Singita Sabi Sand
Singita Sabi Sand
The golden globe sun is setting on the mountainous horizon and it’s with a steep suddenness that the temperature plummets. The lowveld winter has a clear crispness to it. Skies are a deep glassy cobalt and the dry earth depicts expressions of creams, light yellows and dusty browns. Water sources are diminishing, drawing large herds of elephants to unite at the few refuges of water. A splendour to watch as with every step closer to water, the excitement and joy radiates from these huge land mammals. Trumpeting, splashing and squelching fills our ears as we watch with warm hearts and wonder. June is a month of coolness, of shorter days and beautiful sunsets.
Here’s a Sightings Snapshot for June:
- The Mhangene pride have barely been seen this month as they have shifted further west in an attempt to avoid the multiple coalitions that are moving around the property.
- The Styx and Nkuhuma males have been seen regularly in the south and central parts of the property. These males look likely to be the successors to the Othawa males’ territory on Singita. An altercation occurred between these two males and the Plains Camp males in the central parts of Singita one morning. Whilst brief, the Styx and Nkuhuma males looked to be the victors in the disagreement, driving off the two Plains Camp males.
- The two Plains Camp males have been seen regularly this month and mostly to the north of the river. They too look set in establishing themselves, and their roars can be heard almost every night north of the lodges.
- With winter in full swing and the bushveld drying up, water sources have become elephant hot spots. From the far north to the vast south, huge numbers of these animals have been recorded.
- A pack of wild dogs have been seen regularly in the central and south eastern parts of our property, often hunting around Castleton camp. One particularly exciting morning, the pack spread out, chasing impala through autumnal red bushwillow trees and marula groves. Through the chaos a grey duiker got caught in the wrong place and wrong time, falling victim to the pack.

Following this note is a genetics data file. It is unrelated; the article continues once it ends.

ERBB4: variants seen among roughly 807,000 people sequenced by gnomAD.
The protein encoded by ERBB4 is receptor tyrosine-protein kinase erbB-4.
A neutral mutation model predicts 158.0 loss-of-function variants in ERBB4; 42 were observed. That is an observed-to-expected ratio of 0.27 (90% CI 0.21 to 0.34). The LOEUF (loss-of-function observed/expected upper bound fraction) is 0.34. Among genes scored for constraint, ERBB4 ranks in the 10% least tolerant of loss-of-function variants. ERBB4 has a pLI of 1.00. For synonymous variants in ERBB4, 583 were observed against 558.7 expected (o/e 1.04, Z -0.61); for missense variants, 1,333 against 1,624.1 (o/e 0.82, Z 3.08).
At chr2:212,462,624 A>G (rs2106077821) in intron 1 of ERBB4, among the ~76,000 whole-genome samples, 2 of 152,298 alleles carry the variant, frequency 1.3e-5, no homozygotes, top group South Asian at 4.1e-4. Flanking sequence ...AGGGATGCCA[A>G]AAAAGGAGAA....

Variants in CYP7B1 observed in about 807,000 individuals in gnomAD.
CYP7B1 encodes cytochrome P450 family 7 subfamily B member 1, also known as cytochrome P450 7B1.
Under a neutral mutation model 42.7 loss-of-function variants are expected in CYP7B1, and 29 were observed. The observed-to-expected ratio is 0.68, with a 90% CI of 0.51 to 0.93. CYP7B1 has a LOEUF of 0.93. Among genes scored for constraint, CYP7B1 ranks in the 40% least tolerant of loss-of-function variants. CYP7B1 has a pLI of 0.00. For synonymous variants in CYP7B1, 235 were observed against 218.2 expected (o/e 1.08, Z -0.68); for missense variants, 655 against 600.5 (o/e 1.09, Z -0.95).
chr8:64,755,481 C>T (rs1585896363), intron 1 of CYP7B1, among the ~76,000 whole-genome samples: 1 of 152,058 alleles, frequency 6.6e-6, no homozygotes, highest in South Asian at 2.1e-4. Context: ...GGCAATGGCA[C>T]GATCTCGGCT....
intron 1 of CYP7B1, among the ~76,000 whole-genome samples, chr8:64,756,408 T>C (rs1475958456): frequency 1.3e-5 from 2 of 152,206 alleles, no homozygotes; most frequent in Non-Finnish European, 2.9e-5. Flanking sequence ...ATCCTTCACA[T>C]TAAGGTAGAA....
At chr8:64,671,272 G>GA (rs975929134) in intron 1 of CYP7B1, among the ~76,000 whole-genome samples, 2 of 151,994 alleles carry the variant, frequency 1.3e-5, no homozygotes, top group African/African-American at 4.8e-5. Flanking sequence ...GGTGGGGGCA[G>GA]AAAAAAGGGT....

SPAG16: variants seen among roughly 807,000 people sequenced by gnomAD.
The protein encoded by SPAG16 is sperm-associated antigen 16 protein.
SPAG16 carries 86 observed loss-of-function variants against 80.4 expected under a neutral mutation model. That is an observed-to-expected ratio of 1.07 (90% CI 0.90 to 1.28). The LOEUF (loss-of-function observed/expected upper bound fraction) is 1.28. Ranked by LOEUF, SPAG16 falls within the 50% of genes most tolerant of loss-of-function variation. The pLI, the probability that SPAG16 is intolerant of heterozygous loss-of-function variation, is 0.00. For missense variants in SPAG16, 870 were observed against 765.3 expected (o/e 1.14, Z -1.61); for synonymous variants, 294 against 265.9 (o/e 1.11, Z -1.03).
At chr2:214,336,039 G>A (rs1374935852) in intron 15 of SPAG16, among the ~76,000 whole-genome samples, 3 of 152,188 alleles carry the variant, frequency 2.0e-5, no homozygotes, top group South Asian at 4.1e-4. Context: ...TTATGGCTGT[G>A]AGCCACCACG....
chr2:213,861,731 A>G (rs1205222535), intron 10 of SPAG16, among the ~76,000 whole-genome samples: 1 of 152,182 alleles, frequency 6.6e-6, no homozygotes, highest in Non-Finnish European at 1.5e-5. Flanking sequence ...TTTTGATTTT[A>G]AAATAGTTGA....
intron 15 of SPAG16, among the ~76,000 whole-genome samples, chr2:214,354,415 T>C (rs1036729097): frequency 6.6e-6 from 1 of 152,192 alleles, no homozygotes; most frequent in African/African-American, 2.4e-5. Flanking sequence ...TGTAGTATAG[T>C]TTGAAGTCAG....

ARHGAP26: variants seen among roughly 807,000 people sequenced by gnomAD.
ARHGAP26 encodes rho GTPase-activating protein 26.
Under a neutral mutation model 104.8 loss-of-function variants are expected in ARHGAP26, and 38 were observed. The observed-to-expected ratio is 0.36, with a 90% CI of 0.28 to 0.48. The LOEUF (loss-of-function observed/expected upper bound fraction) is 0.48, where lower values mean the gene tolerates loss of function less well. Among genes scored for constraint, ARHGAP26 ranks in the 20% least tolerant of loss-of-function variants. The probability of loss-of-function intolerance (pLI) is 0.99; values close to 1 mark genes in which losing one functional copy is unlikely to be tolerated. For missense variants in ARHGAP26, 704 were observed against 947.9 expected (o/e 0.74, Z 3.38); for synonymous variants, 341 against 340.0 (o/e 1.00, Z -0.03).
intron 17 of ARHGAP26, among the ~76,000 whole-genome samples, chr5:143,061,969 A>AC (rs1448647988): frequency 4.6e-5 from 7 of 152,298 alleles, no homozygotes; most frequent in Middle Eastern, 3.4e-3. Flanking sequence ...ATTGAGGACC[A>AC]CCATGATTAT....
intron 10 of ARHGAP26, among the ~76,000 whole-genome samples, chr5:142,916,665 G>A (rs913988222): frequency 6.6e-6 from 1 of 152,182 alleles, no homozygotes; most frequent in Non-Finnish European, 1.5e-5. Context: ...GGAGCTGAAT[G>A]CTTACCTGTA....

- The Kangela male continues to thrive and independence is almost upon him. He’s been seen far less with his mother, exploring the western reaches and parts of the norther bank of the Sand River.
- The Misava male seems to be taking up residence towards the more central areas of Singita, having been seen only a few times this month.
- The Hosana male had a hoisted impala kill next to one of the dams in the north which made for some exciting game viewing. This magnificent male continues to explore the majority of the north, with his territory being the largest of all leopards around Singita.
- The Nyeleti male leopard hasn’t been seen as often this month. It does appear that he is starting to lose ground to his younger adversaries. This male was seen at a particularly exciting sighting, where he located the Kangela male leopard, chasing him off a hoisted impala kill, to steal the remains from his son. A thrilling encounter with dramatic cackling and screeching from excited hyena waiting at the base of the tree.
- The Thamba male leopard has been pushing his territory more and more into the southern parts of the Nyeleti male’s grounds. His scent marking and sawing has increased with his exploring and could potentially take over this part of the property.
- Although the Scotia female continues to be our most viewed individual, sightings of her have been more elusive this month. With her son now on the brink of independence, her movements have become far more erratic and we expect she could be mating soon.
- Cheetah are always very exciting to find as they are a rarity in the Sabi Sand and vulnerable globally. A male cheetah was spotted a few times, once hunting warthog. The male was successful in his capture, however a protective warthog mother was close on hand to chase the predator away.
- A very exciting month with two pangolins found on Singita!
The bird list for June includes four new bird species, bringing our yearly total to 277 so far. The four birds sighted and added were the African crowned eagle, greater painted-snipe, greater honeyguide and Cape wagtail.